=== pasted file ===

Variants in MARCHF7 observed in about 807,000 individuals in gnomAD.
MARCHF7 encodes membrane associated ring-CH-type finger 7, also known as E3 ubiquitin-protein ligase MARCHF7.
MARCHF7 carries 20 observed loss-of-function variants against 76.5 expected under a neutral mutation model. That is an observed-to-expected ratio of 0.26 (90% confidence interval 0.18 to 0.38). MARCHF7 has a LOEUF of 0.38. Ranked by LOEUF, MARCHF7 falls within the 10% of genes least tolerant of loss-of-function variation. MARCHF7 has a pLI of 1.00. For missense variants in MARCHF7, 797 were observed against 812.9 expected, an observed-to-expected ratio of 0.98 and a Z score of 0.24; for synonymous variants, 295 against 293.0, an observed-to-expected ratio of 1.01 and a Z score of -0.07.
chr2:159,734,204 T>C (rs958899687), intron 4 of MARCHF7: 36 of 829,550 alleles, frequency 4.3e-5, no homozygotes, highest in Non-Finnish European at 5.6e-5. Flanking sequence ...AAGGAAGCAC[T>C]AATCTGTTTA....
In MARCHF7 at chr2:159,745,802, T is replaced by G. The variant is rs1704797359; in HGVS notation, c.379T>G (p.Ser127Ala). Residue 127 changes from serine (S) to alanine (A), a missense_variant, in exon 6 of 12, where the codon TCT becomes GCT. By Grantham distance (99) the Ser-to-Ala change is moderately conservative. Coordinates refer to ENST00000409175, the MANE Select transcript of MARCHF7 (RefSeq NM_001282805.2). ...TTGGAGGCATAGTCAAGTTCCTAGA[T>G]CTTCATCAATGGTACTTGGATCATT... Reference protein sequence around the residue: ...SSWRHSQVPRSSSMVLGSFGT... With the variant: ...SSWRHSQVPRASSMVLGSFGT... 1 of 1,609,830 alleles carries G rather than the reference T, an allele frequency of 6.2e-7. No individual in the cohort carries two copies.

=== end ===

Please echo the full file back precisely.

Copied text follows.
Variants in MARCHF7 observed in about 807,000 individuals in gnomAD.
MARCHF7 encodes membrane associated ring-CH-type finger 7, also known as E3 ubiquitin-protein ligase MARCHF7.
MARCHF7 carries 20 observed loss-of-function variants against 76.5 expected under a neutral mutation model. That is an observed-to-expected ratio of 0.26 (90% confidence interval 0.18 to 0.38). MARCHF7 has a LOEUF of 0.38. Ranked by LOEUF, MARCHF7 falls within the 10% of genes least tolerant of loss-of-function variation. MARCHF7 has a pLI of 1.00. For missense variants in MARCHF7, 797 were observed against 812.9 expected, an observed-to-expected ratio of 0.98 and a Z score of 0.24; for synonymous variants, 295 against 293.0, an observed-to-expected ratio of 1.01 and a Z score of -0.07.
chr2:159,734,204 T>C (rs958899687), intron 4 of MARCHF7: 36 of 829,550 alleles, frequency 4.3e-5, no homozygotes, highest in Non-Finnish European at 5.6e-5. Flanking sequence ...AAGGAAGCAC[T>C]AATCTGTTTA....
In MARCHF7 at chr2:159,745,802, T is replaced by G. The variant is rs1704797359; in HGVS notation, c.379T>G (p.Ser127Ala). Residue 127 changes from serine (S) to alanine (A), a missense_variant, in exon 6 of 12, where the codon TCT becomes GCT. By Grantham distance (99) the Ser-to-Ala change is moderately conservative. Coordinates refer to ENST00000409175, the MANE Select transcript of MARCHF7 (RefSeq NM_001282805.2). ...TTGGAGGCATAGTCAAGTTCCTAGA[T>G]CTTCATCAATGGTACTTGGATCATT... Reference protein sequence around the residue: ...SSWRHSQVPRSSSMVLGSFGT... With the variant: ...SSWRHSQVPRASSMVLGSFGT... 1 of 1,609,830 alleles carries G rather than the reference T, an allele frequency of 6.2e-7. No individual in the cohort carries two copies.